Types of Hawks in New Jersey - Happiestbeaks

Hammad Tariq

· 11 min read
Types of Hawks in New Jersey

Welcome to our investigation on the several kinds of hawks that may be found in New Jersey! Hawks are magnificent birds of prey that grace the skies with their presence. In New Jersey, you can find several species of hawks, each with unique characteristics and behaviors.

From the majestic Red-tailed Hawk to the agile Cooper's Hawk, these birds play vital roles in the ecosystem, keeping populations of rodents and other small animals in check.

Learning about the various hawk species in New Jersey is sure to be an exciting adventure full of amazing discoveries, regardless of whether you're an enthusiastic birdwatcher or just interested in the local wildlife. Let's delve into the world of these impressive raptors!

9 Types of Hawks in New Jersey

American Kestrel

In New Jersey, you can spot various hawks soaring through the skies, including the American Kestrel. These small but mighty birds of prey are about the size of a mourning dove, with striking colors like rusty red and slate blue. You might see them perched on wires or hovering over open fields, hunting for insects, small mammals, and other birds—the American Kestrel's ability to hunt while remaining motionless results from its quick wings and good vision.

These hawks are mighty hunters despite their small stature; they frequently dive down to capture their prey with incredible speed and accuracy. They're also known for their distinctive hunting calls, ranging from high-pitched screams to rapid chattering.

American Kestrels are adaptable birds found in various habitats across New Jersey, from urban areas to farmland and forests. Their presence serves as a reminder of the value of protecting the environments that allow these fantastic birds to flourish, in addition to serving as a tribute to the state's diverse biodiversity.

Broad-winged Hawk

In New Jersey, one of the fascinating hawks you might spot soaring through the skies is the Broad-winged Hawk. These birds are known for their medium size, with broad wings that allow them to glide effortlessly through the air. Their bodies are sleek and streamlined, helping them maneuver swiftly as they hunt for prey below. Expert hunters, broad-winged hawks mostly eat insects, amphibians, and small animals like mice and voles.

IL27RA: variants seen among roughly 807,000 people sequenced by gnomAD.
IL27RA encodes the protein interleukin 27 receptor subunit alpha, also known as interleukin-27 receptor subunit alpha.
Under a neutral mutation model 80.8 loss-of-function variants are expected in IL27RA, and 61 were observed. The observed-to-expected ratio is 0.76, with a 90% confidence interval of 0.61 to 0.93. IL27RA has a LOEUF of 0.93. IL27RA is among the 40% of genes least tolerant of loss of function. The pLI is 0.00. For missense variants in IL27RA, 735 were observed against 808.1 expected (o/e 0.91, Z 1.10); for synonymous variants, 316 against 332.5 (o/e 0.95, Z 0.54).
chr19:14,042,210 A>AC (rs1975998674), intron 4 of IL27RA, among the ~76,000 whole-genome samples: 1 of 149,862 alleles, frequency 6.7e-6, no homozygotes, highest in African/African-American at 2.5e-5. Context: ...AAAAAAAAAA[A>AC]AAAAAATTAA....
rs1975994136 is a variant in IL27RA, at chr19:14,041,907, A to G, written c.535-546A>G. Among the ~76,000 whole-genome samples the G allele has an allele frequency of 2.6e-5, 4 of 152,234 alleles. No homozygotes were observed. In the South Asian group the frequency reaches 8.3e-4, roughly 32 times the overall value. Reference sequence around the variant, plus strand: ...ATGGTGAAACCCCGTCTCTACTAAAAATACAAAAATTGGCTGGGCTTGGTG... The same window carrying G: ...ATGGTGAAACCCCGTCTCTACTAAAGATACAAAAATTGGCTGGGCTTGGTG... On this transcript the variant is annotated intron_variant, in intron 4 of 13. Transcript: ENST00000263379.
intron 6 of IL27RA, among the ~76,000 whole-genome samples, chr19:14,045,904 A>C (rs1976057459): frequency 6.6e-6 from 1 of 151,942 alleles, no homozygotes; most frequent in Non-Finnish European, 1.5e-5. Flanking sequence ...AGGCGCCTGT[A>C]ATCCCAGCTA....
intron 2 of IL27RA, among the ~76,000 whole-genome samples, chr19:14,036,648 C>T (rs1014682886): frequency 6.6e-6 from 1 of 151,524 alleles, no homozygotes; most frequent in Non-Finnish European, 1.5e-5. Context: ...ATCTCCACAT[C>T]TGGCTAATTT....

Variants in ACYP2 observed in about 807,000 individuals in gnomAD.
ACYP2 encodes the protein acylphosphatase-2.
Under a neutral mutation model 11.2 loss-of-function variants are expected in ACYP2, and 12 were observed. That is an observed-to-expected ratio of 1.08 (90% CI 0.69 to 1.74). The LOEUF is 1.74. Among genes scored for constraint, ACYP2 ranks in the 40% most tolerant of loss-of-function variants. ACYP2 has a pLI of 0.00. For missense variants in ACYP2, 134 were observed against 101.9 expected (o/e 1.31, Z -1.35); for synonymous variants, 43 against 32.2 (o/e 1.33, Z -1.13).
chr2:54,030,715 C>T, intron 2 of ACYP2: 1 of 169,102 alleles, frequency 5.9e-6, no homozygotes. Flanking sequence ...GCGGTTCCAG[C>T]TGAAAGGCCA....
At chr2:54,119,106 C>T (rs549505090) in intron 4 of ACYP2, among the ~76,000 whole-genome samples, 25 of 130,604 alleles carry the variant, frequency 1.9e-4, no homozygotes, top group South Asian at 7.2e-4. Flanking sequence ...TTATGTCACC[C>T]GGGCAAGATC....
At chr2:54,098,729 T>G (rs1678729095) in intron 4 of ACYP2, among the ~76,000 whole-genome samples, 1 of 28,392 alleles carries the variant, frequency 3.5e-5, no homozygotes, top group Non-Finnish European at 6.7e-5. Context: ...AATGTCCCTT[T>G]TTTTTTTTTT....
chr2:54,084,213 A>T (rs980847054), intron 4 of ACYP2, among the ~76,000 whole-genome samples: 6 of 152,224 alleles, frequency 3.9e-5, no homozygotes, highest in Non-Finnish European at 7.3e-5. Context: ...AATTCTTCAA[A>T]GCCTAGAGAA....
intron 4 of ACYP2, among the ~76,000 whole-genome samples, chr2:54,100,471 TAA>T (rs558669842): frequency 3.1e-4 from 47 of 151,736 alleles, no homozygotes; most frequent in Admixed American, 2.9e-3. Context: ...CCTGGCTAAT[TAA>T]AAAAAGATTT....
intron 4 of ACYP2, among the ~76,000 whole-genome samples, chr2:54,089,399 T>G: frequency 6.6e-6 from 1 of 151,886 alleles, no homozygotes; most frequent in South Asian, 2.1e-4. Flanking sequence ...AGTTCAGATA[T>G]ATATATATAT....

During migration season, these hawks gather in large flocks known as kettles, soaring high in the sky as they travel south for the winter. They frequently employ thermals, or heated air columns, as an easy way to ascend. If you're lucky, you might catch sight of this impressive spectacle during the fall migration.

When visiting New Jersey's vast spaces and woodlands, keep an eye out for any glimpses of the majestic Broad-winged Hawk, which is known to glide gracefully overhead.

Cooper's Hawk

There are several varieties of hawks in New Jersey, each with distinctive qualities. One common hawk species you might come across is the Cooper's Hawk.

These hawks are known for their medium size and agile flight. They have short, rounded wings and long tails, which help them maneuver swiftly through forests and woodlands where they often hunt. Smaller birds are the main prey for Cooper's Hawks, who can dive down from their perches with remarkable accuracy and speed.

These hawks are skilled hunters, using surprise and stealth to catch their prey. They're often found near bird feeders or in areas with dense vegetation where their targets are abundant.

Despite their hunting prowess, Cooper's Hawks face challenges from habitat loss and collisions with human structures. Conservation efforts are essential to ensure their continued presence in New Jersey's ecosystem.


In New Jersey, you can spot a variety of hawks soaring through the skies. There are several varieties of these magnificent raptors, and each has unique qualities. One common type is the Red-tailed hawk. Recognizable by its reddish-brown tail, this hawk is often seen perched on poles or gliding gracefully over open fields, hunting for rodents and small mammals.

Another type found in New Jersey is the Cooper's Hawk. With its sleek build and striking plumage, the Cooper's Hawk is skilled at maneuvering through dense forests in pursuit of smaller birds and insects. One may be spotted dashing between trees or diving to seize its prey.

The Broad-winged Hawk is also present in New Jersey, especially during migration seasons. These hawks travel in large flocks, known as kettles, soaring high in the sky before descending to roost for the night. Keep an eye out for them during their seasonal journeys.

Northern Goshawk

The Northern Goshawk is one of the many hawk species that soar through the skies over New Jersey. This impressive bird of prey is known for its large size and robust build. With a wingspan of around 3 feet, the Northern Goshawk is a formidable hunter, preying on small mammals and birds.